What is the use of React Lazy Load?

Normally, when the application compiles and runs, our code is bundled into a single javascript file that is passed to the browser, but as our application grows, the bundle gets very heavy in size and cumbersome. It directly hampers the performance of the application as loading such a heavy file on initial load takes too much time, thus making our application slow.

So, here comes React.lazy() to the rescue!

React.lazy() performs lazy loading through Code Splitting. Here, code splitting means that our code is now not bundled in a single file, rather it is divided into smaller chunks (javascript files), and each chunk is loaded lazily, that is, as and when required.

For example, a page might consist of various assets or nested component or heavy re-rendering components like animation component. In this case, the page will take more time to load as compared to the simple one; In simple words the page will only be rendered once all the components are loaded, so the user will see a blank page for some time before the page is visible.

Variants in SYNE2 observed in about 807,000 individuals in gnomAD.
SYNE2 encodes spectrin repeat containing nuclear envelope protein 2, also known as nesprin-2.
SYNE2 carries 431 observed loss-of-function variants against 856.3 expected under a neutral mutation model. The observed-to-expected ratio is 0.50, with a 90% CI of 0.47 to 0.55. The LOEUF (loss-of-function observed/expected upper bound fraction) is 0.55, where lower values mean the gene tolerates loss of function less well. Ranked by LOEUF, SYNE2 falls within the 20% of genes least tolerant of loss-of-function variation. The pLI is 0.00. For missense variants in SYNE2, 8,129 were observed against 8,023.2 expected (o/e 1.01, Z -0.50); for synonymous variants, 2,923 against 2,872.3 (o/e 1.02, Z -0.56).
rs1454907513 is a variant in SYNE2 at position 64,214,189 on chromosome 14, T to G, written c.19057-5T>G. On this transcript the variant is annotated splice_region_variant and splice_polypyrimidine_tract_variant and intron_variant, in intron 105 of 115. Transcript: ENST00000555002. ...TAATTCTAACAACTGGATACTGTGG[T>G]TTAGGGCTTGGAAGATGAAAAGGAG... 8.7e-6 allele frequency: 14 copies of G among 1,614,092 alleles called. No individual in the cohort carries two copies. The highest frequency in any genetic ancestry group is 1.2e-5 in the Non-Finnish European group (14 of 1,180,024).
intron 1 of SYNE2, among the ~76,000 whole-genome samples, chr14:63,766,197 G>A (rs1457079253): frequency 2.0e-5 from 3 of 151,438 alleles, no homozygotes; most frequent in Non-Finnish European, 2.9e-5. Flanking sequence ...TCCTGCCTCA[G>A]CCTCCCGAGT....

So, to avoid this, we can load the components lazily, that is, firstly only those components will be loaded that are currently on the viewport and the other components get loaded when they are needed. For example after a button click or maybe on scrolling, thus reducing the waiting time for the users.

How to implement it?

Before the release of React version 16.6.0, code splitting was done using react-loadable components but now React has a built in API for handling lazy loading and code splitting, that is, React.lazy().

It is a function in react that lets us load react components lazily through code splitting.

It takes a function as the only input and this function calls a dynamic import which then returns a Promise that resolves to a module containing a React component.

import React, { Suspense } from 'react';